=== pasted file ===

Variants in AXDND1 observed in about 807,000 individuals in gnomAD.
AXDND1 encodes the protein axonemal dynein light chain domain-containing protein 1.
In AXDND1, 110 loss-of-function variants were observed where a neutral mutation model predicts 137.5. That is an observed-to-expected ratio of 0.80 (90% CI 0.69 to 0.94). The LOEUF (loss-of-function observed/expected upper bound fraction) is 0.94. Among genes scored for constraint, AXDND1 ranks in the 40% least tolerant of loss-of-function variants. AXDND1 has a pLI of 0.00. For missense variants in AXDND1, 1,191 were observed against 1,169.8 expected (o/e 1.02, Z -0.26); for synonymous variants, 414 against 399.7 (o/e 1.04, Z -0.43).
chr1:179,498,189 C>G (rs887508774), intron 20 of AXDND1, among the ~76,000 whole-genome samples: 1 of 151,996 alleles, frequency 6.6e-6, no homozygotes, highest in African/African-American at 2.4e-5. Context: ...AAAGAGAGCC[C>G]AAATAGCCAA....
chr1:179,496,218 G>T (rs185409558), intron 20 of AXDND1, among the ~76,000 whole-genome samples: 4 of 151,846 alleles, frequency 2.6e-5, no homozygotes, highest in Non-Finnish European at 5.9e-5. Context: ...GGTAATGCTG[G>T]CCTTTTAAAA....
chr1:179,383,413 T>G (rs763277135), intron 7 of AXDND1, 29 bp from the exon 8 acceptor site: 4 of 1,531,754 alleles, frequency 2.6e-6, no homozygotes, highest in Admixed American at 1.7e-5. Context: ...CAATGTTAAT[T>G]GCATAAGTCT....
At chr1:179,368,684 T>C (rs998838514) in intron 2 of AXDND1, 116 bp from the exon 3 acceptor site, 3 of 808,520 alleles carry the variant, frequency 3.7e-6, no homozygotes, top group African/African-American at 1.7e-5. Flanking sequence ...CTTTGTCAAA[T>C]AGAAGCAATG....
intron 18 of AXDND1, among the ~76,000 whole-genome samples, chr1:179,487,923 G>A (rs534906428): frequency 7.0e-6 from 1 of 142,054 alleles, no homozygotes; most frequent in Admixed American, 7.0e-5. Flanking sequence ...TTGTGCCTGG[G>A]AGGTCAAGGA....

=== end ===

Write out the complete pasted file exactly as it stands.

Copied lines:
Variants in AXDND1 observed in about 807,000 individuals in gnomAD.
AXDND1 encodes the protein axonemal dynein light chain domain-containing protein 1.
In AXDND1, 110 loss-of-function variants were observed where a neutral mutation model predicts 137.5. That is an observed-to-expected ratio of 0.80 (90% CI 0.69 to 0.94). The LOEUF (loss-of-function observed/expected upper bound fraction) is 0.94. Among genes scored for constraint, AXDND1 ranks in the 40% least tolerant of loss-of-function variants. AXDND1 has a pLI of 0.00. For missense variants in AXDND1, 1,191 were observed against 1,169.8 expected (o/e 1.02, Z -0.26); for synonymous variants, 414 against 399.7 (o/e 1.04, Z -0.43).
chr1:179,498,189 C>G (rs887508774), intron 20 of AXDND1, among the ~76,000 whole-genome samples: 1 of 151,996 alleles, frequency 6.6e-6, no homozygotes, highest in African/African-American at 2.4e-5. Context: ...AAAGAGAGCC[C>G]AAATAGCCAA....
chr1:179,496,218 G>T (rs185409558), intron 20 of AXDND1, among the ~76,000 whole-genome samples: 4 of 151,846 alleles, frequency 2.6e-5, no homozygotes, highest in Non-Finnish European at 5.9e-5. Context: ...GGTAATGCTG[G>T]CCTTTTAAAA....
chr1:179,383,413 T>G (rs763277135), intron 7 of AXDND1, 29 bp from the exon 8 acceptor site: 4 of 1,531,754 alleles, frequency 2.6e-6, no homozygotes, highest in Admixed American at 1.7e-5. Context: ...CAATGTTAAT[T>G]GCATAAGTCT....
At chr1:179,368,684 T>C (rs998838514) in intron 2 of AXDND1, 116 bp from the exon 3 acceptor site, 3 of 808,520 alleles carry the variant, frequency 3.7e-6, no homozygotes, top group African/African-American at 1.7e-5. Flanking sequence ...CTTTGTCAAA[T>C]AGAAGCAATG....
intron 18 of AXDND1, among the ~76,000 whole-genome samples, chr1:179,487,923 G>A (rs534906428): frequency 7.0e-6 from 1 of 142,054 alleles, no homozygotes; most frequent in Admixed American, 7.0e-5. Flanking sequence ...TTGTGCCTGG[G>A]AGGTCAAGGA....